2012 Volume 120 Issue 1 Pages 51-60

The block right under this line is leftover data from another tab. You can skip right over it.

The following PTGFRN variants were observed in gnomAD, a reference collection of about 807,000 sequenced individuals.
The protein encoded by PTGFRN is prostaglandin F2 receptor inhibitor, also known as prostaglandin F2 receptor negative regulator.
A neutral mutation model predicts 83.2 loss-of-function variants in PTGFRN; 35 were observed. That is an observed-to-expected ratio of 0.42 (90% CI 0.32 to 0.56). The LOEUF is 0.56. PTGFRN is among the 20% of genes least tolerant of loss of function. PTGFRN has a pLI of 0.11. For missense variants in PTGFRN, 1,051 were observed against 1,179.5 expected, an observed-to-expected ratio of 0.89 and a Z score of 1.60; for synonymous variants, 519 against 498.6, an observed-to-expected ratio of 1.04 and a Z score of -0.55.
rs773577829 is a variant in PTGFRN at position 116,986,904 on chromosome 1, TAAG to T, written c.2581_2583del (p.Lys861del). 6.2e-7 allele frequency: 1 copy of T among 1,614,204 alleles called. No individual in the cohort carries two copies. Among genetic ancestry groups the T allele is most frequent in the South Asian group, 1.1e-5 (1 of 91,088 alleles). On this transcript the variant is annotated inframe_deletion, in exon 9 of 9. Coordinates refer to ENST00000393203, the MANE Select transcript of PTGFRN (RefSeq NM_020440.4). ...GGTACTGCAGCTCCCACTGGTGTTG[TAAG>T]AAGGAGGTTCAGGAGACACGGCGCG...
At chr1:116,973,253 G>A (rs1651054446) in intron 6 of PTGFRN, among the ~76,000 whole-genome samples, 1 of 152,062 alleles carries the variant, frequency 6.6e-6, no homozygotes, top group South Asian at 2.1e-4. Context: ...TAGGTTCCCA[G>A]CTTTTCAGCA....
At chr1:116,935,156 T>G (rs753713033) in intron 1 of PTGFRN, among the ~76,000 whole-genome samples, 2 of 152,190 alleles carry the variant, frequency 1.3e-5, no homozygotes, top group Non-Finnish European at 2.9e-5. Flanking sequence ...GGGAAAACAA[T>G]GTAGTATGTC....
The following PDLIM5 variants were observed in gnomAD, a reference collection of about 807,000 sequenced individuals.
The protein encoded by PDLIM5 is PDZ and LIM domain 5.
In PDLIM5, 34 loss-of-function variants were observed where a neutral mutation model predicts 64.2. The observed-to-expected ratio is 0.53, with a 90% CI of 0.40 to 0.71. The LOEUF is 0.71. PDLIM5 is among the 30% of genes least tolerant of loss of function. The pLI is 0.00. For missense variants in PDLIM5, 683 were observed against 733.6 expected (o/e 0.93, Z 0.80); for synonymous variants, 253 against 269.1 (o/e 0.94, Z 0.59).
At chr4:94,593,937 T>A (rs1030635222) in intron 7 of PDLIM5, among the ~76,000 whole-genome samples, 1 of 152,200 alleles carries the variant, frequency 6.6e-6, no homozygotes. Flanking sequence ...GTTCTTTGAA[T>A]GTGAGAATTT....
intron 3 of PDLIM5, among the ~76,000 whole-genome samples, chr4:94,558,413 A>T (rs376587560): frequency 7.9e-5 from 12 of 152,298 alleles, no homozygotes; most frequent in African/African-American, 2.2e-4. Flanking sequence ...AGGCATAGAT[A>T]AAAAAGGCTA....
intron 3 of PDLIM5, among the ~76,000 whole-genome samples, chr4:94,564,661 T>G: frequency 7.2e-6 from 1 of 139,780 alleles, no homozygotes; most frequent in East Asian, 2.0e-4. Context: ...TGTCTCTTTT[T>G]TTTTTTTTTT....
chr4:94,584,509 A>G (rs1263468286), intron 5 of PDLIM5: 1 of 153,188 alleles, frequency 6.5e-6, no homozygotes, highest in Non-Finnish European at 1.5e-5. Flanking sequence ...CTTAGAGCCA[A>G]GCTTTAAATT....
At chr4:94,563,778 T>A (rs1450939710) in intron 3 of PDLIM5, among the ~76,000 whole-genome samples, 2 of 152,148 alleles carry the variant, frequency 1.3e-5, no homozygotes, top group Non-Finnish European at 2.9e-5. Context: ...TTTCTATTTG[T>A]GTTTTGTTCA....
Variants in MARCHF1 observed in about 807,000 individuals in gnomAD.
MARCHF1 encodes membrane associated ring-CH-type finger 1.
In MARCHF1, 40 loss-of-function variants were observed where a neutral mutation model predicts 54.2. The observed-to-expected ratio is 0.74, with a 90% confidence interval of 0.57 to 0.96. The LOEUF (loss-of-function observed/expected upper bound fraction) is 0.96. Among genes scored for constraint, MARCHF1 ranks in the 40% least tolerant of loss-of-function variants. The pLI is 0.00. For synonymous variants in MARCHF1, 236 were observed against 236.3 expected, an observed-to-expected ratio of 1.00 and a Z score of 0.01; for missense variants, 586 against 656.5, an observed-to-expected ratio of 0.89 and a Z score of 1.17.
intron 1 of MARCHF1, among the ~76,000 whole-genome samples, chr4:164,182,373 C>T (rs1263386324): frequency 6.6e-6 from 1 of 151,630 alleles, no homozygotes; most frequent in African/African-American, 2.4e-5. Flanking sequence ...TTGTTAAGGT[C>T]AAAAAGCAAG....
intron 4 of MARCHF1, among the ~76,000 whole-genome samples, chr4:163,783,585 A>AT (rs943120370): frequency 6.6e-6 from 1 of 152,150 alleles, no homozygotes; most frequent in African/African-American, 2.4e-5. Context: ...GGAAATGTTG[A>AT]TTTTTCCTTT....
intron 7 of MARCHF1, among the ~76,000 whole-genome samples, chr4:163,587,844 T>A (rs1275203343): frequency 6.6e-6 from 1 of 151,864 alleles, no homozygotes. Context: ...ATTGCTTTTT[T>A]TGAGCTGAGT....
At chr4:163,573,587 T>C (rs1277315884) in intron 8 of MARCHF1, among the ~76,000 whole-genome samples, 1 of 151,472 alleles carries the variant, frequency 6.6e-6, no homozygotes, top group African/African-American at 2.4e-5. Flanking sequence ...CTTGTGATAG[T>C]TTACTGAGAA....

To understand the complex process underlying the emergence and growth of inequality in a population and its impact on individuals’ subjective quality of life (QOL), the authors conducted fieldwork in 2001 and 2009 in a rural minority community in Hainan Island, China. The tourism industry, which developed in 2001, provided paid jobs for half of the adult men in 2009. Responses on the abbreviated version of the World Health Organization Quality of Life questionnaire (WHOQOL-BREF) indicated that subjective QOL, socioeconomic status, and dietary quality were significantly higher among the individuals with paid jobs. The present case study suggests that Chinese minority communities that have undergone significant economic growth have experienced the emergence and growth of inequality in job opportunities, which has stratified the subjective QOL, dietary quality, and socioeconomic status within the community. These findings suggest that the stages of ‘health transition’ differed among individuals in the community, and that analysis of inter-individual variation in a community may contribute to a better understanding of health in rural Chinese communities.